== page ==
Well-child visits during adolescence
As adolescents make the transition to adulthood, they go through a remarkable amount of physical, emotional and cognitive growth. The American Academy of Pediatrics (AAP) recommends a well-child visit, every year, for all adolescents up to age 21.
A well-child visit provides an opportunity to review your child's growth since their last appointment; discuss his or her overall health and development; and stay updated on immunizations. These visits are acceptable for:
- Sports programs*
- College entrance
During adolescence, the well visit includes:
- A physical exam
- Screening tests, such as blood pressure, hearing and vision
- Immunizations including Tdap booster and the HPV series to help prevent certain cancers from developing later in life
- Discussion of age-appropriate concerns, such as: friends and relationships, puberty and sexuality, birth control, substance abuse, mental health, school performance, bullying, diet and exercise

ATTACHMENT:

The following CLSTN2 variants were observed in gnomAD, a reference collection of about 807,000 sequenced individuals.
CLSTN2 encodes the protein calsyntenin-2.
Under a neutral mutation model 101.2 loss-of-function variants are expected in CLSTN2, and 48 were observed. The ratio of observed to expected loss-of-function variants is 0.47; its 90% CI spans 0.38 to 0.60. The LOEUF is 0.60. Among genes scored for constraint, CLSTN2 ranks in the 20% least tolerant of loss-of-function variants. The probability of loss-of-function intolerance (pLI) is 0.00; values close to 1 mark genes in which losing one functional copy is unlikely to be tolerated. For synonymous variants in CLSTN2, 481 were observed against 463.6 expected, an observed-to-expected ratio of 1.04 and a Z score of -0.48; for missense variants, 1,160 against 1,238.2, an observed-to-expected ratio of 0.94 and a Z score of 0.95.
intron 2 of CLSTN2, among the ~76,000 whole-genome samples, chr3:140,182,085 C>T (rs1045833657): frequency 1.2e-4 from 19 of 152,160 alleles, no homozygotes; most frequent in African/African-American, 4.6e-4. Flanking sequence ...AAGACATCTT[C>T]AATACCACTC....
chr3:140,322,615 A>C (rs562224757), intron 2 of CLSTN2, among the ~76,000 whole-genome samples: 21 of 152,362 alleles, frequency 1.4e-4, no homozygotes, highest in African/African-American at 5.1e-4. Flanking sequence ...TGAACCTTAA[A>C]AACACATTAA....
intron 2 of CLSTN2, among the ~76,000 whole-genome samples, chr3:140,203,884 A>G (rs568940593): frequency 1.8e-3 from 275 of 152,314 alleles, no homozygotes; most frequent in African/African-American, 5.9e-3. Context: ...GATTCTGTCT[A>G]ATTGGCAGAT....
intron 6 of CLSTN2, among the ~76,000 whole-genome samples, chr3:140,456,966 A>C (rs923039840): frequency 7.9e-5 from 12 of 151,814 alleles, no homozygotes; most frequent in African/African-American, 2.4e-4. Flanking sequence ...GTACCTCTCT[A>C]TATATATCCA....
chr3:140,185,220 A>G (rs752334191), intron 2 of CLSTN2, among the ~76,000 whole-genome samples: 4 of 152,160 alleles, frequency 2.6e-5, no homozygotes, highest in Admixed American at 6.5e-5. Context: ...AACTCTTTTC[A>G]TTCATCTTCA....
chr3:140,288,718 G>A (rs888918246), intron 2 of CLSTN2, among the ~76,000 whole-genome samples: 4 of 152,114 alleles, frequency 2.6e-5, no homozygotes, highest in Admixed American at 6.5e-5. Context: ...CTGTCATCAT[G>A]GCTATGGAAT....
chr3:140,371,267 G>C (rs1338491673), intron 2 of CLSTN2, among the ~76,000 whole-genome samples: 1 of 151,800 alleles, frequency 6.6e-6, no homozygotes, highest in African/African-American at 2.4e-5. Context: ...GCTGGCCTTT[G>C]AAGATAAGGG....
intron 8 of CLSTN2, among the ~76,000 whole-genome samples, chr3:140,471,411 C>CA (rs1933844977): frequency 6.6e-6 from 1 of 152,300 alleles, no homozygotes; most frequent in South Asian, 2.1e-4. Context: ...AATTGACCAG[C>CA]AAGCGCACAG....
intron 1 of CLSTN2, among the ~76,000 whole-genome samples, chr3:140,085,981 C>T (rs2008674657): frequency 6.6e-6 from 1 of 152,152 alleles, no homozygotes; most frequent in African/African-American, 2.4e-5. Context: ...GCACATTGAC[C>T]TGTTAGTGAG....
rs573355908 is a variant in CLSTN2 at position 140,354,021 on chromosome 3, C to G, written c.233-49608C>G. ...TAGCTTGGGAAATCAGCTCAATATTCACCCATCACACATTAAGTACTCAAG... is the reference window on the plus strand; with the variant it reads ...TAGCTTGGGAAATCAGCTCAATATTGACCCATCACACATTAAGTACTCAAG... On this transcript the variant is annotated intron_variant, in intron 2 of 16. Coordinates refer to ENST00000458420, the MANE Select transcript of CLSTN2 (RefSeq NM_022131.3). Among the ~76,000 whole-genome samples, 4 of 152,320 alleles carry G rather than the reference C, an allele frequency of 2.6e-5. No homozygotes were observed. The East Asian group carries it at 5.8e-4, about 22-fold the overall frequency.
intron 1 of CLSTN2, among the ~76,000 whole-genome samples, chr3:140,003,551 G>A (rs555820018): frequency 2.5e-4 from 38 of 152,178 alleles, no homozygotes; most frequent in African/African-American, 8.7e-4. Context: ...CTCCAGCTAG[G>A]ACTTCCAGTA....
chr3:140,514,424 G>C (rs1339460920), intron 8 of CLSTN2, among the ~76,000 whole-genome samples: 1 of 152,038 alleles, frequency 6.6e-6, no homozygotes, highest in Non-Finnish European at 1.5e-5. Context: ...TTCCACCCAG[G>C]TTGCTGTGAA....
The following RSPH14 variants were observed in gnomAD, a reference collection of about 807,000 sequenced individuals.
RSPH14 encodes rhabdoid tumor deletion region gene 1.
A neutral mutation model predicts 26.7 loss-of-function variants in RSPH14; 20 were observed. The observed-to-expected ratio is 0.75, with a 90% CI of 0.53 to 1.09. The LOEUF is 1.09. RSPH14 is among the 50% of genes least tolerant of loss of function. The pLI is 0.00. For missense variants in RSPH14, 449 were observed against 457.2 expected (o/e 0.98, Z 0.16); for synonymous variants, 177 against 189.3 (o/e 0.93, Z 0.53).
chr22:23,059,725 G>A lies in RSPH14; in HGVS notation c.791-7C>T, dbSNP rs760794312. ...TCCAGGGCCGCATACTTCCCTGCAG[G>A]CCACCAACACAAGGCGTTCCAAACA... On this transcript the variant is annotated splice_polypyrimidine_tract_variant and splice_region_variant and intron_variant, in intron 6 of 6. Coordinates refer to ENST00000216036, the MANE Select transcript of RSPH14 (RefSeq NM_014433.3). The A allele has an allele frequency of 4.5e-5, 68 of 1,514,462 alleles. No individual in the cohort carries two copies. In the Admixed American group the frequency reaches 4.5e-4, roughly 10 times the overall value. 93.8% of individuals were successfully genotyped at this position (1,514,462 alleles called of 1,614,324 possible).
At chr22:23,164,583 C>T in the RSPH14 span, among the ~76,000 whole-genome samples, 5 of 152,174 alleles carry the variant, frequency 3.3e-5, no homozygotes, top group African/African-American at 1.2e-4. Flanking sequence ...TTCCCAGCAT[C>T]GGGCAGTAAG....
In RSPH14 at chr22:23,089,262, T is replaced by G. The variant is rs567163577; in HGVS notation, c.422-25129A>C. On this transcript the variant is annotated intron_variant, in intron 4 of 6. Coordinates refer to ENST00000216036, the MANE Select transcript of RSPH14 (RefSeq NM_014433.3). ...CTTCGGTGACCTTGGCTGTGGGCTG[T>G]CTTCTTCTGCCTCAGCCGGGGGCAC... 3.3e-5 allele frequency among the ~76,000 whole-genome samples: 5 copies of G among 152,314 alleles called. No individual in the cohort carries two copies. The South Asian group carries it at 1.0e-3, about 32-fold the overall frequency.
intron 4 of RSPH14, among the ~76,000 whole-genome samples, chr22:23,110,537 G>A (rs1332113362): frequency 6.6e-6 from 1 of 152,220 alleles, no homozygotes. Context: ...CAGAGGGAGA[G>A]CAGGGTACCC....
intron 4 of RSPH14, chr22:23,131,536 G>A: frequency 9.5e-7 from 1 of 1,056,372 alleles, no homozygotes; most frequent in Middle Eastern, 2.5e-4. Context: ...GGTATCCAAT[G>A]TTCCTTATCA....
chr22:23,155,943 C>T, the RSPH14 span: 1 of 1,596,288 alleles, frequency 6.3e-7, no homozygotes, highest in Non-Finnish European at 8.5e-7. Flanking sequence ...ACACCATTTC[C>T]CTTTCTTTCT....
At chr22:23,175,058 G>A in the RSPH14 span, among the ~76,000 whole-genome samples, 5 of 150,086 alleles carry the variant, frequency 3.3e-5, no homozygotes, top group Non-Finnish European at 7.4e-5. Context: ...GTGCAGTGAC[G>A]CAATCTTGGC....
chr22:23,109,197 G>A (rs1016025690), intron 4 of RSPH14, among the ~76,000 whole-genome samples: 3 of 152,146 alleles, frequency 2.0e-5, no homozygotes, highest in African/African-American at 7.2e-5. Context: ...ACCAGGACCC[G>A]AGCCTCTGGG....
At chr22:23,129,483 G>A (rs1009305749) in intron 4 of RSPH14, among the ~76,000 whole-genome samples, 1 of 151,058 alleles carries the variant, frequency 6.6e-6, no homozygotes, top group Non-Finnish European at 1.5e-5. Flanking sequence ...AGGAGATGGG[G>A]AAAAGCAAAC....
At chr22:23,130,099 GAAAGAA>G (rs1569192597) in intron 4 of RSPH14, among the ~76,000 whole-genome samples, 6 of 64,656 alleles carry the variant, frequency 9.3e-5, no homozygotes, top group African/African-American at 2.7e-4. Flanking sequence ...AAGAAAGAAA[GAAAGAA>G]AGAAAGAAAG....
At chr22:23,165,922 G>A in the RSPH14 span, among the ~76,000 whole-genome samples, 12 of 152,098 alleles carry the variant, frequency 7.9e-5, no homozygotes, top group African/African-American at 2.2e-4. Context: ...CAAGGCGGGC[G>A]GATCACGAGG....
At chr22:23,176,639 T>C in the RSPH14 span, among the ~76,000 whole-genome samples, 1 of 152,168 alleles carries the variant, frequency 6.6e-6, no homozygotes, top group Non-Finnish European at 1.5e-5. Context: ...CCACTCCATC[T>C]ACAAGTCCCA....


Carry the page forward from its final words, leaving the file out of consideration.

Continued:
- *Starting at the 12-year-old well visit, your child will complete a health survey on their own and talk to their provider one-on-one for part of their visit.
Learn more about transitioning to adult healthcare
To make the most of your visit, your child should bring:
- A parent or legal guardian is required to be present for appointments for children under 18. If there are hardships to a guardian accompanying a child, please contact the department you’ll be seen in.
- Questions or concerns
- Current immunization record
- Insurance information
- Completed and signed sports physical form (if applicable):
Call to schedule
Please schedule all well-child visits with your child's primary care provider in Pediatrics or Family Medicine. Well-child visits can be scheduled year-round, but summer appointments fill up quickly, so be sure to schedule early if your child needs an exam during the summer months.